Saudi Shoura passes law to protect informants, witnesses, victims

The new law will encourage witnesses and informants to report their information without any kind of fear, threat or damage. (SPA)
Updated 07 November 2018

Saudi Shoura passes law to protect informants, witnesses, victims

  • Saudi Arabia has been working hard to battle corruption, and Al-Madhhab thinks this system will cover the loophole in previous systems

JEDDAH: The Shoura Council approved a proposed regulation on Tuesday that helps to protect informants, witnesses, experts and victims.
The proposal, which consists of 39 articles, protects informants from attacks, threats, material or moral harm, or anything that may adversely affect the giving of information.
Arab News caught up with Dr. Muadi Al-Madhhab, one of the Shoura members who proposed the draft. He said: “It aims to protect whistle-blowers who are reporting cases of corruption because in most cases those informants face managerial abuse, harassment and threats for coming forward with the truth.”
The Kingdom has been working hard to battle corruption, and Al-Madhhab thinks this system will cover the loophole in previous systems.
“As the Kingdom is part of many international organizations where this law is established and carried out, invoking it now will aid in investments, and preserving rights and maintaining transparency,” he said.
Al-Madhhab mentioned that the system was first proposed last year, and he believes it is one of the fastest systems to pass through the Shoura Council and get approved. It was merged with another proposal of a similar system to protect witnesses, victims and experts.
“The 39 articles cover aspects suggested by both the Ministry of Interior and the Ministry of Economy and Planning (about) how whistle-blowers can be protected, how they can report, who are the individuals warranting protection, the punishments toward those who reveal a whistle-blower’s identity and those who wish to harm them, as well as the experts, victims and witnesses.”
Al-Madhhab learned about the system during his studies and is now teaching variations of it at King Saud University. He said he decided to propose the system now due to “the timing,” and especially after the efforts of the National Authority for Combating Corruption, as it helps block the loophole in the system that many can use to escape justice.
The system will permeate both governmental and private sectors, and Al-Madhhab believes it will have fruitful outcomes in building trust, encouraging transparency and integrity among organizations, as well as establishing new opportunities for investment and raising the Kingdom to a higher pedestal.
Lawyer Dimah Alsharif told Arab News: “This long-awaited system will definitely encourage witnesses and informants to report their information without any kind of fear, threat or damage.”
She said that such a system emerging at a time when the Kingdom is battling corruption will help reduce corruption overall.
“This protection will also provide greater opportunity to monitor as much evidence as possible in the process of investigations, unlike in the past,” when these things took a long time to process owing to lack of evidence.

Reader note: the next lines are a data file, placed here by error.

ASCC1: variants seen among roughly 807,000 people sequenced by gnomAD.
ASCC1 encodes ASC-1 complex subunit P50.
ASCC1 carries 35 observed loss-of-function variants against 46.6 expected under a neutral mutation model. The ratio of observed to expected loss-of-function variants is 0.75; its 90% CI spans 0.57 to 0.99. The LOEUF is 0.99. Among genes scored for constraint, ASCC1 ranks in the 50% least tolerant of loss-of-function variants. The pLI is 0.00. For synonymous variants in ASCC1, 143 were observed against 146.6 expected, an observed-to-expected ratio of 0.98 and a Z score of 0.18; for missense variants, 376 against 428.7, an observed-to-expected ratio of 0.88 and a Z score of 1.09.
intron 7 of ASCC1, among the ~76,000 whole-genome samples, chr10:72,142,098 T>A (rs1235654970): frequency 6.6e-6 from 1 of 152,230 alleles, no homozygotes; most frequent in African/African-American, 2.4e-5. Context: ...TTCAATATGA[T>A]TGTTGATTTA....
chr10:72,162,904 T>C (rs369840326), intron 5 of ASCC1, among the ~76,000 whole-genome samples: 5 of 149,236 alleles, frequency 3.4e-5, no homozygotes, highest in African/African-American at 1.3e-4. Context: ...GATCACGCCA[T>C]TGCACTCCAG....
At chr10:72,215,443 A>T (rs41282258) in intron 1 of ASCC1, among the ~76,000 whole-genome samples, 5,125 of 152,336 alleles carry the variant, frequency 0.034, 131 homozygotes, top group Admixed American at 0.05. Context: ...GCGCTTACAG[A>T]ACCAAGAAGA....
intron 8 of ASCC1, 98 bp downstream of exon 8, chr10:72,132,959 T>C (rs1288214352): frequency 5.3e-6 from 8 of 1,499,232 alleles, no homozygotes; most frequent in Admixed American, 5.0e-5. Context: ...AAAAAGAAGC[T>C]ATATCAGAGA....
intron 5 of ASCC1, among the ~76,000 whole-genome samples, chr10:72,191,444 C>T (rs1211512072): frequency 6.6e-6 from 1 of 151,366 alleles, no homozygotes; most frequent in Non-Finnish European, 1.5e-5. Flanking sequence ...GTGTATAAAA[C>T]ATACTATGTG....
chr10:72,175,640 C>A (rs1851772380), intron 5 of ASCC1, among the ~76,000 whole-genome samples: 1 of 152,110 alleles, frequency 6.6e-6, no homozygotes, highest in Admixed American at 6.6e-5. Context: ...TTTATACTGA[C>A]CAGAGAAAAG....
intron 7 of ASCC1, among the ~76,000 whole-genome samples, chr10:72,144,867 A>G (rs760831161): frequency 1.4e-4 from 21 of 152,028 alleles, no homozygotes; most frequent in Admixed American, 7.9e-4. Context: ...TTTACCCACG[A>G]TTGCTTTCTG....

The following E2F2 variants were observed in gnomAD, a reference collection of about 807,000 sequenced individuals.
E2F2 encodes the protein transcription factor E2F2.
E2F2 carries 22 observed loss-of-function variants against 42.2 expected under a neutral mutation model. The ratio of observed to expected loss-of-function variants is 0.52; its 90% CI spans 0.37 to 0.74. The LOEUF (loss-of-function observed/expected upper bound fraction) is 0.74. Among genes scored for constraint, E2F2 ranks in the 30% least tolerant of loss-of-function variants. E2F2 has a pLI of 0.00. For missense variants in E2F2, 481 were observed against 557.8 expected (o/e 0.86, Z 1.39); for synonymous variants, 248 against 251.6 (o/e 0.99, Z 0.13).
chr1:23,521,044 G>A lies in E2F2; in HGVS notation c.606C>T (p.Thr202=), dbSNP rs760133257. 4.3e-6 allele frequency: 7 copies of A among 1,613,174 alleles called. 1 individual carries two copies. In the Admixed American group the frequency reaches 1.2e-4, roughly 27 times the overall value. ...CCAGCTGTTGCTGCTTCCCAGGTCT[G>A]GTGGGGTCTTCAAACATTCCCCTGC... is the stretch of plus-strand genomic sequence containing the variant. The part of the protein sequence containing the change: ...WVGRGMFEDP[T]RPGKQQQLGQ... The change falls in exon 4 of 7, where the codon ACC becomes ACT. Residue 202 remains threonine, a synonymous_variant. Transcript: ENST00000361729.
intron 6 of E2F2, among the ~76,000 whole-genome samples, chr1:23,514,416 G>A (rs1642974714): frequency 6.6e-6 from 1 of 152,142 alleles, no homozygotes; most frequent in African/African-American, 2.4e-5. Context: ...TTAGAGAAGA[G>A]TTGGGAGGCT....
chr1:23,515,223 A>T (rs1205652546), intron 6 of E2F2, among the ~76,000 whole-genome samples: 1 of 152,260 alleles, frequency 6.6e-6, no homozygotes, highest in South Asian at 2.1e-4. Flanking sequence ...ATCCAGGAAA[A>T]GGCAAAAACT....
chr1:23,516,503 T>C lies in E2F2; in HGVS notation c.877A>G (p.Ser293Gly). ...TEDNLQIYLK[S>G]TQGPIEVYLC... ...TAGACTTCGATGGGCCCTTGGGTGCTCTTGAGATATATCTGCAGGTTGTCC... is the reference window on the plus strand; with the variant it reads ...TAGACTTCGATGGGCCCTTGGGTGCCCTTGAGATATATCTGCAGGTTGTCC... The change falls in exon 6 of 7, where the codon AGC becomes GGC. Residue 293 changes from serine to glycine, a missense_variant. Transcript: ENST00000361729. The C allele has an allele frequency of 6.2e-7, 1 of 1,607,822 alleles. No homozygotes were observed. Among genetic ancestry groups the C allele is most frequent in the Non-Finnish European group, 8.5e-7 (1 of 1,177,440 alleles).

Fraud alert over cryptocurrency falsely linked to Saudi Arabia

Updated 21 August 2019

Fraud alert over cryptocurrency falsely linked to Saudi Arabia

  • The website of a cryptocurrency company is promoting what it calls the CryptoRiyal and SmartRiyal
  • The Singapore-based company uses the Saudi emblem of two crossed swords and a palm tree

JEDDAH: Fraudsters are trying to lure victims into investing in a “virtual currency” with false claims that it is linked to the Saudi riyal and will be used to finance key projects, the Saudi Ministry of Finance warned on Tuesday.

The website of a cryptocurrency company in Singapore is promoting what it calls the CryptoRiyal and SmartRiyal, using the Saudi emblem of two crossed swords and a palm tree. Its “ultimate goal” is to finance NEOM, the smart city and tourist destination being built in the north of the Kingdom, the company claims.

“Any use of the KSA name, national currency or national emblem by any entity for virtual or digital currencies marketing will be subject to legal action by the competent authorities in the Kingdom,” the ministry said on Tuesday.

The fraudsters were exploiting ignorance of how virtual currencies work, cryptocurrency expert Dr. Assad Rizq told Arab News.

“A lot of tricks can be played,” he said. “Some of these companies are not regulated, they have no assets, and even their prospectus is sometimes copied from other projects.

“They hype and pump their project so the price goes up. Inexpert investors, afraid of missing out, jump in, which spikes the price even higher. Then the owners sell up and make tons of money.

“Cryptocurrencies are a risky investment for two reasons. First, the sector is not yet fully regulated and a lot of projects use fake names and identities, such as countries’ names or flags, to manipulate investors.

“Second, you have to do your homework, learn about the technology. And if you still want to invest, consider your country’s rules and regulations.”